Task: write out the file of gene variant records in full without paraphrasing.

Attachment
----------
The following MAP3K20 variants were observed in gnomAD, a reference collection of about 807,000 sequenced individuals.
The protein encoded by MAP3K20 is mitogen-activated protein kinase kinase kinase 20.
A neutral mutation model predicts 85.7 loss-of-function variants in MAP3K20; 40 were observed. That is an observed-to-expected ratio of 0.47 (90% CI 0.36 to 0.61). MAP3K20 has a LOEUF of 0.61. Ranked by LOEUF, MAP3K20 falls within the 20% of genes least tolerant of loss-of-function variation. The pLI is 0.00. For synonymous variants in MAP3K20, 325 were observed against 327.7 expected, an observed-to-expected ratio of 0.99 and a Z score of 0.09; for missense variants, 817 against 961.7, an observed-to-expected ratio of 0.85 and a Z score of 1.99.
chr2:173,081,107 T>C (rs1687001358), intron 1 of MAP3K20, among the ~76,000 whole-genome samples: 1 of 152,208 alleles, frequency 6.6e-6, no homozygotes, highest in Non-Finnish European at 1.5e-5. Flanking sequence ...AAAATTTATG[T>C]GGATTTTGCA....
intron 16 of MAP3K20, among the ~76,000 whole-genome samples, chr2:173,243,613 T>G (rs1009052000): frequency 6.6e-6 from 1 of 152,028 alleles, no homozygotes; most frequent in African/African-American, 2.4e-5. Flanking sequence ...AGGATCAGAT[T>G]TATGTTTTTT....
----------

The following MAP3K20 variants were observed in gnomAD, a reference collection of about 807,000 sequenced individuals.
The protein encoded by MAP3K20 is mitogen-activated protein kinase kinase kinase 20.
A neutral mutation model predicts 85.7 loss-of-function variants in MAP3K20; 40 were observed. That is an observed-to-expected ratio of 0.47 (90% CI 0.36 to 0.61). MAP3K20 has a LOEUF of 0.61. Ranked by LOEUF, MAP3K20 falls within the 20% of genes least tolerant of loss-of-function variation. The pLI is 0.00. For synonymous variants in MAP3K20, 325 were observed against 327.7 expected, an observed-to-expected ratio of 0.99 and a Z score of 0.09; for missense variants, 817 against 961.7, an observed-to-expected ratio of 0.85 and a Z score of 1.99.
chr2:173,081,107 T>C (rs1687001358), intron 1 of MAP3K20, among the ~76,000 whole-genome samples: 1 of 152,208 alleles, frequency 6.6e-6, no homozygotes, highest in Non-Finnish European at 1.5e-5. Flanking sequence ...AAAATTTATG[T>C]GGATTTTGCA....
intron 16 of MAP3K20, among the ~76,000 whole-genome samples, chr2:173,243,613 T>G (rs1009052000): frequency 6.6e-6 from 1 of 152,028 alleles, no homozygotes; most frequent in African/African-American, 2.4e-5. Flanking sequence ...AGGATCAGAT[T>G]TATGTTTTTT....